“The longer you’ve been around, the more you realize that something like this is less a massive break in the functioning of markets and more a reflection of risks that were always there,” says Michael Cembalest, the chairman of market and investment strategy at JP Morgan Asset Management. Manias have been parts of markets for centuries. So have short squeezes. And in this case, the hedge funds betting against GameStop might have received just deserts for a really dumb bet.
As a matter of practice, the best strategy for short sellers is typically to identify ostensibly good companies with an Achilles’ heel. You take a position when the firm’s stock is high. Eventually the market finds the weakness you’d identified, and then the stock falls, at which point you make a bunch of money.
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But GameStop for the past year has been the opposite of all that. It was a bad company, whose stock had already fallen from $56 a share in 2013 to about $5 in 2019. GameStop’s short sellers were essentially betting that a company publicly valued as “horrendous” should really be valued at a level commensurate with the notion of “truly horrendous.” They risked billions of dollars on the financial equivalent of a qualifying adverb. It’s really risky to aggressively short a company whose stock, having fallen 95 percent, is floating around $5; there just aren’t a lot of numbers under five. Plus, companies in GameStop’s situation can always try to restructure their operations, or appeal to a white knight, or exit the business and sell off their commercial real estate, or do something else when the cost of capital is basically zilch.
What’s new here is the presence of Reddit and Robinhood. The GameStop trade briefly conquered the world by taking advantage of two things the internet does very effectively. First, the internet is really good at manufacturing upstart sects, for good and for evil. You can despise the Capitol siege of January 6 (I do) and adore the GameStop surge of January 26 (I’m undecided), but still see something in common: two anti-institutional plots conceived in online message boards, amplified on broader platforms such as YouTube, and actualized, chaotically, in the real world. Tens of millions of people in this country who are soaked in the attention economy are, apparently, eager to throw their weight behind some 15-minute-famous cause, and it’s not always straightforward from the onset which ones are safe and virtuous and which ones are not.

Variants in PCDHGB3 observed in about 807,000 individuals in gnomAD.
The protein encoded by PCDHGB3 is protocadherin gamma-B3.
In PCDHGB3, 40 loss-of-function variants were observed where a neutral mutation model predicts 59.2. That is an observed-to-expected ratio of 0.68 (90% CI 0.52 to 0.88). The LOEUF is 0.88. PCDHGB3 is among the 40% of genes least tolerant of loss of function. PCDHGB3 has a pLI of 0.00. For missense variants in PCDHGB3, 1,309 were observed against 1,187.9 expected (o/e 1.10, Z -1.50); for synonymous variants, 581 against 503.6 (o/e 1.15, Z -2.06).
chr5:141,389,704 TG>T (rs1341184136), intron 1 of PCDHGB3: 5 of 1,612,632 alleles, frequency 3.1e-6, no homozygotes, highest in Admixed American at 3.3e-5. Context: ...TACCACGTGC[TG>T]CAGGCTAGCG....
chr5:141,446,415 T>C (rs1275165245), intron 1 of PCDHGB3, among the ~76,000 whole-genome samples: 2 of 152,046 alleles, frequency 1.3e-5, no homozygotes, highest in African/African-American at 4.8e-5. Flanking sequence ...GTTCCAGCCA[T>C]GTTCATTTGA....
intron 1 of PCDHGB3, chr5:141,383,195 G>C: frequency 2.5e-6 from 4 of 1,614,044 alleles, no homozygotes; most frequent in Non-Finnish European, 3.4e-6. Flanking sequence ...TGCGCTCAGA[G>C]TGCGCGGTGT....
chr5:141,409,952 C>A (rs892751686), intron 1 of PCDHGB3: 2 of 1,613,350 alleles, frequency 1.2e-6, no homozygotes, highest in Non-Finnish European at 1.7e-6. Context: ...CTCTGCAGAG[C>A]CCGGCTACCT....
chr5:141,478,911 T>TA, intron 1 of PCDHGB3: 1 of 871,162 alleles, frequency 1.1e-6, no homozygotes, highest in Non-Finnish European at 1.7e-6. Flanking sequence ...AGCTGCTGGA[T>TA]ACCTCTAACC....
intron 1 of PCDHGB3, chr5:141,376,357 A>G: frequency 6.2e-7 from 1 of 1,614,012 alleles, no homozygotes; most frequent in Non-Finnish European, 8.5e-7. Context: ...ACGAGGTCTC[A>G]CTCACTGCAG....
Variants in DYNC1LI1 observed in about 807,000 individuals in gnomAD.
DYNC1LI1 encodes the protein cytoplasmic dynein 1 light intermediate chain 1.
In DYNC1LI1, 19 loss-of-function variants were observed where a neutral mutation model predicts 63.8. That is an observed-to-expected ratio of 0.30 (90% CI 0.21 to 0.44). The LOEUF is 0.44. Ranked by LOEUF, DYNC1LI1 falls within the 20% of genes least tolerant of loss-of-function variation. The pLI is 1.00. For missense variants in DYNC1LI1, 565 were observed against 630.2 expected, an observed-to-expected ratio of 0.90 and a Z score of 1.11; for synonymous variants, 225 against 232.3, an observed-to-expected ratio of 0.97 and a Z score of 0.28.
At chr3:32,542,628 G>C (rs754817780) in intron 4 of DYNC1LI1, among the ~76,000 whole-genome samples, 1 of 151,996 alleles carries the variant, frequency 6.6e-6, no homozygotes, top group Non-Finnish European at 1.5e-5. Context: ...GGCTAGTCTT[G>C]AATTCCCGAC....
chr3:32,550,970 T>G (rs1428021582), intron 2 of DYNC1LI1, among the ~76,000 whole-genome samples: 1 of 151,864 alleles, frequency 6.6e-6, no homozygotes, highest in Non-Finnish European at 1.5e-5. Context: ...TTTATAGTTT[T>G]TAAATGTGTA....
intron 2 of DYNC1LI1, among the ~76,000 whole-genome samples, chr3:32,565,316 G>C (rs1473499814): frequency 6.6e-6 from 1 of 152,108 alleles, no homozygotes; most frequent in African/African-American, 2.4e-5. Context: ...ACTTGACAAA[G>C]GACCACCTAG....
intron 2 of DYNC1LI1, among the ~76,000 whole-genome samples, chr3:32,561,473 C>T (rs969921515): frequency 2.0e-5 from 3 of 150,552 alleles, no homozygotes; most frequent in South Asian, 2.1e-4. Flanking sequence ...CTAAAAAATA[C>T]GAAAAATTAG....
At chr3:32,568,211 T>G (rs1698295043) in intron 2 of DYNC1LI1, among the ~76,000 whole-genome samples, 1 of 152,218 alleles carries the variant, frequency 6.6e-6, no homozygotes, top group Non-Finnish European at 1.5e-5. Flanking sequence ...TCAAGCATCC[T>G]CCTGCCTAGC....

Second, the internet democratizes access to information and communication—again, for good and for evil. “Retail investors with the help of technology acting as a union in attacking is a new phenomenon,” Jim Paulsen, an investment strategist, told CNBC. “You combine the power of technology, which allows you through Reddit postings to magnify your individual impact, with some use of leverage and very targeted bets, [and] they can have a significant influence.” That’s right, but the democratization of finance is, like the democratization of everything, a rose with thorns. GameStop’s stock has soared, not in response to its economic fundamentals, but in proportion to the number of people paying attention to it.